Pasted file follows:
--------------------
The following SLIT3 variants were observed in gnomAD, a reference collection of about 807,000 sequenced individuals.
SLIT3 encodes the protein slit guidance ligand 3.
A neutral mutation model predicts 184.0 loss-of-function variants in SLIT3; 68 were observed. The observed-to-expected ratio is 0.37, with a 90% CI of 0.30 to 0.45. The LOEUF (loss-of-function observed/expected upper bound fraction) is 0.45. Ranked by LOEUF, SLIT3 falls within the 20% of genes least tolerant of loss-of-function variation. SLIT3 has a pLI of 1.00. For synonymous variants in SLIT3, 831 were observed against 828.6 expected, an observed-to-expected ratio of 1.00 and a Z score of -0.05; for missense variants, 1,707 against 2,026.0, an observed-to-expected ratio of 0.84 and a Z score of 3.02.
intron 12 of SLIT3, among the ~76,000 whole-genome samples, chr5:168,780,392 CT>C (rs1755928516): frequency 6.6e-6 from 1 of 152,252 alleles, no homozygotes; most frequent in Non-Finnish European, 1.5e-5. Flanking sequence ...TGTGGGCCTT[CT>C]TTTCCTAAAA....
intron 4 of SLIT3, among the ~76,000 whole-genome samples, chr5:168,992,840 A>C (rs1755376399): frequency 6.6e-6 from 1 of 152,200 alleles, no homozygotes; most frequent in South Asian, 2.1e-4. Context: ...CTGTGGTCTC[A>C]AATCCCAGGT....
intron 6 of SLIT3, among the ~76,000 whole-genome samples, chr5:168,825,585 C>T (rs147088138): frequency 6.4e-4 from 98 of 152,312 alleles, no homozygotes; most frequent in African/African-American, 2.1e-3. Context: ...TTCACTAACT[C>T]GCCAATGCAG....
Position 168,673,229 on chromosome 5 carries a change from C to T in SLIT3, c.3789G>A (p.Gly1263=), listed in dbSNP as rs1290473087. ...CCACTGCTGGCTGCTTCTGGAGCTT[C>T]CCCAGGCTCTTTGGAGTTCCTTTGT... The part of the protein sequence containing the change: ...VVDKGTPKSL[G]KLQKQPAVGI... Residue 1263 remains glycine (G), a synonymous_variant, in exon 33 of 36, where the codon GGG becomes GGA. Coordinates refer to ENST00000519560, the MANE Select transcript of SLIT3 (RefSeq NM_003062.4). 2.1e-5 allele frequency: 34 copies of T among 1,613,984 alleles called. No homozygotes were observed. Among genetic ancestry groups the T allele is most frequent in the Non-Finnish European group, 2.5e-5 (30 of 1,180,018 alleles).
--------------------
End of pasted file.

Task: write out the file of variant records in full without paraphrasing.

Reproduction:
The following SLIT3 variants were observed in gnomAD, a reference collection of about 807,000 sequenced individuals.
SLIT3 encodes the protein slit guidance ligand 3.
A neutral mutation model predicts 184.0 loss-of-function variants in SLIT3; 68 were observed. The observed-to-expected ratio is 0.37, with a 90% CI of 0.30 to 0.45. The LOEUF (loss-of-function observed/expected upper bound fraction) is 0.45. Ranked by LOEUF, SLIT3 falls within the 20% of genes least tolerant of loss-of-function variation. SLIT3 has a pLI of 1.00. For synonymous variants in SLIT3, 831 were observed against 828.6 expected, an observed-to-expected ratio of 1.00 and a Z score of -0.05; for missense variants, 1,707 against 2,026.0, an observed-to-expected ratio of 0.84 and a Z score of 3.02.
intron 12 of SLIT3, among the ~76,000 whole-genome samples, chr5:168,780,392 CT>C (rs1755928516): frequency 6.6e-6 from 1 of 152,252 alleles, no homozygotes; most frequent in Non-Finnish European, 1.5e-5. Flanking sequence ...TGTGGGCCTT[CT>C]TTTCCTAAAA....
intron 4 of SLIT3, among the ~76,000 whole-genome samples, chr5:168,992,840 A>C (rs1755376399): frequency 6.6e-6 from 1 of 152,200 alleles, no homozygotes; most frequent in South Asian, 2.1e-4. Context: ...CTGTGGTCTC[A>C]AATCCCAGGT....
intron 6 of SLIT3, among the ~76,000 whole-genome samples, chr5:168,825,585 C>T (rs147088138): frequency 6.4e-4 from 98 of 152,312 alleles, no homozygotes; most frequent in African/African-American, 2.1e-3. Context: ...TTCACTAACT[C>T]GCCAATGCAG....
Position 168,673,229 on chromosome 5 carries a change from C to T in SLIT3, c.3789G>A (p.Gly1263=), listed in dbSNP as rs1290473087. ...CCACTGCTGGCTGCTTCTGGAGCTT[C>T]CCCAGGCTCTTTGGAGTTCCTTTGT... The part of the protein sequence containing the change: ...VVDKGTPKSL[G]KLQKQPAVGI... Residue 1263 remains glycine (G), a synonymous_variant, in exon 33 of 36, where the codon GGG becomes GGA. Coordinates refer to ENST00000519560, the MANE Select transcript of SLIT3 (RefSeq NM_003062.4). 2.1e-5 allele frequency: 34 copies of T among 1,613,984 alleles called. No homozygotes were observed. Among genetic ancestry groups the T allele is most frequent in the Non-Finnish European group, 2.5e-5 (30 of 1,180,018 alleles).